Credit expansion and the economy

Angeles, L. (2015) Credit expansion and the economy. Applied Economics Letters, 22(13), pp. 1064-1072. (doi: 10.1080/13504851.2014.1000515)

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101094.pdf - Accepted Version



Credit expansion has been associated with faster economic growth and with a higher occurrence of financial crises – a pair of results which seem to contradict each other. This paper advances an explanation for these results by separating credit to the private sector into credit to firms and credit to households. The empirical analysis shows that credit to firms is responsible for the positive growth effect, while the higher occurrence of crises is mainly due to credit to households. The events of the last decade, where fast credit expansion led to crises and very little growth, can be understood as a shift in the composition of credit towards its household component.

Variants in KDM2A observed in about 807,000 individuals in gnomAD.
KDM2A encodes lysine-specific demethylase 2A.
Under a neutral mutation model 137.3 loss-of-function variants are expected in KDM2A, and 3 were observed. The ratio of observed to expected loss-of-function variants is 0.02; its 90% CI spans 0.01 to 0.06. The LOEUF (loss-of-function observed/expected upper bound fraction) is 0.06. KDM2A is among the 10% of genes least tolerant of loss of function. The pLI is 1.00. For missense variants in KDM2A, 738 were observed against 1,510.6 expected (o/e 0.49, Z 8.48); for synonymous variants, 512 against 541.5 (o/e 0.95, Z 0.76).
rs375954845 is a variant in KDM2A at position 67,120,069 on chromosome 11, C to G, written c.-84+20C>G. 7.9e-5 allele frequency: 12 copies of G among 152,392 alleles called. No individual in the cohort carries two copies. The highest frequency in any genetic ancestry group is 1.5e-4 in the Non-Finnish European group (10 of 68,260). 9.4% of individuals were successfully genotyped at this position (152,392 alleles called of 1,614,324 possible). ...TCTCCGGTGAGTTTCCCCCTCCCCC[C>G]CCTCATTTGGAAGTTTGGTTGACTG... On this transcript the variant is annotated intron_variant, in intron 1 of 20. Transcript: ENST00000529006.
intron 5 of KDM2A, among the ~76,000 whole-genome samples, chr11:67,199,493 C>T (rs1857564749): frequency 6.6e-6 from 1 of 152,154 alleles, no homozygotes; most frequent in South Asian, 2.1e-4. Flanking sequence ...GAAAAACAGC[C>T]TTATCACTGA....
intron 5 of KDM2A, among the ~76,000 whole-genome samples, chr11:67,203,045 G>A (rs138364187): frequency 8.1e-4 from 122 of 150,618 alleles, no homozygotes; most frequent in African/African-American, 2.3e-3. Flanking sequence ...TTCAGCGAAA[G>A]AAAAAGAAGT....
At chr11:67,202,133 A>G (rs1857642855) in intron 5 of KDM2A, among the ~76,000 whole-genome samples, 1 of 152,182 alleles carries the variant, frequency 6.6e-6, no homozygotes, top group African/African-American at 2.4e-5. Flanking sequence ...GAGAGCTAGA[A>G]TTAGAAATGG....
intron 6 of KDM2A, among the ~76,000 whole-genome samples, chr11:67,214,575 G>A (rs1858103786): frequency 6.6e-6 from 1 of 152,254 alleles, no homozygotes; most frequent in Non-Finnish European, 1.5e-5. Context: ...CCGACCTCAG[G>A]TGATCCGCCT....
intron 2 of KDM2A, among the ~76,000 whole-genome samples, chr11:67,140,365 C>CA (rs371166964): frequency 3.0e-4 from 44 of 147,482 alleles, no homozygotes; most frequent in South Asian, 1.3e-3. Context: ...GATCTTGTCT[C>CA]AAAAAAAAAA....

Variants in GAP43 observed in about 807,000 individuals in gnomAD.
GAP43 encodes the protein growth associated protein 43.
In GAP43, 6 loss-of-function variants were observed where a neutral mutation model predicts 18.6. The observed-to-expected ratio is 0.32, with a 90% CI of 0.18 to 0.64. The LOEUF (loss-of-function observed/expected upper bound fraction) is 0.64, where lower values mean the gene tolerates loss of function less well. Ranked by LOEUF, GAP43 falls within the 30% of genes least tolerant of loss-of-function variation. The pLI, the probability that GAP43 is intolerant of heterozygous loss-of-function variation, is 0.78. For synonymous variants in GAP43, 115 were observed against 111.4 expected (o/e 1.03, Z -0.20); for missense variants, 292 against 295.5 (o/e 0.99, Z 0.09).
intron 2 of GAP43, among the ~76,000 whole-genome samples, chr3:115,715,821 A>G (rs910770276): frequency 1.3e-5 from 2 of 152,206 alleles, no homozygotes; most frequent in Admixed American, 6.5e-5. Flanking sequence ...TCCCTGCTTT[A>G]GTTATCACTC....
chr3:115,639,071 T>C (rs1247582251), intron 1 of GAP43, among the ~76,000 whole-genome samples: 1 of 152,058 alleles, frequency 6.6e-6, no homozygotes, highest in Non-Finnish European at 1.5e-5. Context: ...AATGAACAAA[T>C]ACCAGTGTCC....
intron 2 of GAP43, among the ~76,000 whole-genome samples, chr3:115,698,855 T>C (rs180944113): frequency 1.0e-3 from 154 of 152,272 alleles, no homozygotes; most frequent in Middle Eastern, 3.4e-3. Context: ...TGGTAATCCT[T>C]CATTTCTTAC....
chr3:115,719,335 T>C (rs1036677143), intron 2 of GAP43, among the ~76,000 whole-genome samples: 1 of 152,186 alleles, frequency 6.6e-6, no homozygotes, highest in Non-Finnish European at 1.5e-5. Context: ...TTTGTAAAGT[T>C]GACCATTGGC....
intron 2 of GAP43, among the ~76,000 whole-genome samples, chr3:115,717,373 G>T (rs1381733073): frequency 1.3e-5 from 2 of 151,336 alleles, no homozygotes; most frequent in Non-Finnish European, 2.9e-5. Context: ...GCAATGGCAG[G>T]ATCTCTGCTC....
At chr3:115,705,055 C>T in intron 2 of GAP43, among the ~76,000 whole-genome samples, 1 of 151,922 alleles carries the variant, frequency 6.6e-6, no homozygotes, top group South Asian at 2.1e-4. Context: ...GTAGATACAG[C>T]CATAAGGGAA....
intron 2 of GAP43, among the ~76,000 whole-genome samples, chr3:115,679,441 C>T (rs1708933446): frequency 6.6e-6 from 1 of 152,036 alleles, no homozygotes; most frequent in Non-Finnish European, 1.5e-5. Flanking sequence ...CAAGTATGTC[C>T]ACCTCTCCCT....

Item Type:Articles
Additional Information:This is an Accepted Manuscript of an article published by Taylor & Francis in on Applied Economics Letters, available online:
Glasgow Author(s) Enlighten ID:Angeles, Professor Luis
Authors: Angeles, L.
College/School:College of Social Sciences > Adam Smith Business School > Economics
Journal Name:Applied Economics Letters
ISSN (Online):1466-4291
Published Online:20 January 2015
Copyright Holders:Copyright © 2015 Taylor and Francis
First Published:First published in Applied Economics Letters 22(13):1064-1072
Publisher Policy:Reproduced in accordance with the copyright policy of the publisher

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